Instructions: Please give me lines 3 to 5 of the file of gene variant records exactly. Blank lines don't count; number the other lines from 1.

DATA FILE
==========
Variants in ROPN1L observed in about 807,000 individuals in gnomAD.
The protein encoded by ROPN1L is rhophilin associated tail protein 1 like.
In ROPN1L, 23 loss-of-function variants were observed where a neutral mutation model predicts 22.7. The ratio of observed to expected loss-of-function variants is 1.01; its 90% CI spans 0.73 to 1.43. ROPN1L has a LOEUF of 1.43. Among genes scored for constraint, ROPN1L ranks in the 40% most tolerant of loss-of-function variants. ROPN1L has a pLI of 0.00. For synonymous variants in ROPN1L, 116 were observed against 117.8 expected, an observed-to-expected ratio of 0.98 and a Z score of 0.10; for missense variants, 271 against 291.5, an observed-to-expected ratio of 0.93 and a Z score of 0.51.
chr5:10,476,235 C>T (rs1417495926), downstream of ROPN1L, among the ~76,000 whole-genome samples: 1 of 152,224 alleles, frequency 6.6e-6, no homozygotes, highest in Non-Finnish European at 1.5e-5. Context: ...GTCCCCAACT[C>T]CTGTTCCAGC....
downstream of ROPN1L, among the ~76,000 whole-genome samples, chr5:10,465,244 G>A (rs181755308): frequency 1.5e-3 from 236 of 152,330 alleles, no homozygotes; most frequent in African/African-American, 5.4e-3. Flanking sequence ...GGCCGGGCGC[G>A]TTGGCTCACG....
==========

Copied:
In ROPN1L, 23 loss-of-function variants were observed where a neutral mutation model predicts 22.7. The ratio of observed to expected loss-of-function variants is 1.01; its 90% CI spans 0.73 to 1.43. ROPN1L has a LOEUF of 1.43. Among genes scored for constraint, ROPN1L ranks in the 40% most tolerant of loss-of-function variants. ROPN1L has a pLI of 0.00. For synonymous variants in ROPN1L, 116 were observed against 117.8 expected, an observed-to-expected ratio of 0.98 and a Z score of 0.10; for missense variants, 271 against 291.5, an observed-to-expected ratio of 0.93 and a Z score of 0.51.
chr5:10,476,235 C>T (rs1417495926), downstream of ROPN1L, among the ~76,000 whole-genome samples: 1 of 152,224 alleles, frequency 6.6e-6, no homozygotes, highest in Non-Finnish European at 1.5e-5. Context: ...GTCCCCAACT[C>T]CTGTTCCAGC....
downstream of ROPN1L, among the ~76,000 whole-genome samples, chr5:10,465,244 G>A (rs181755308): frequency 1.5e-3 from 236 of 152,330 alleles, no homozygotes; most frequent in African/African-American, 5.4e-3. Flanking sequence ...GGCCGGGCGC[G>A]TTGGCTCACG....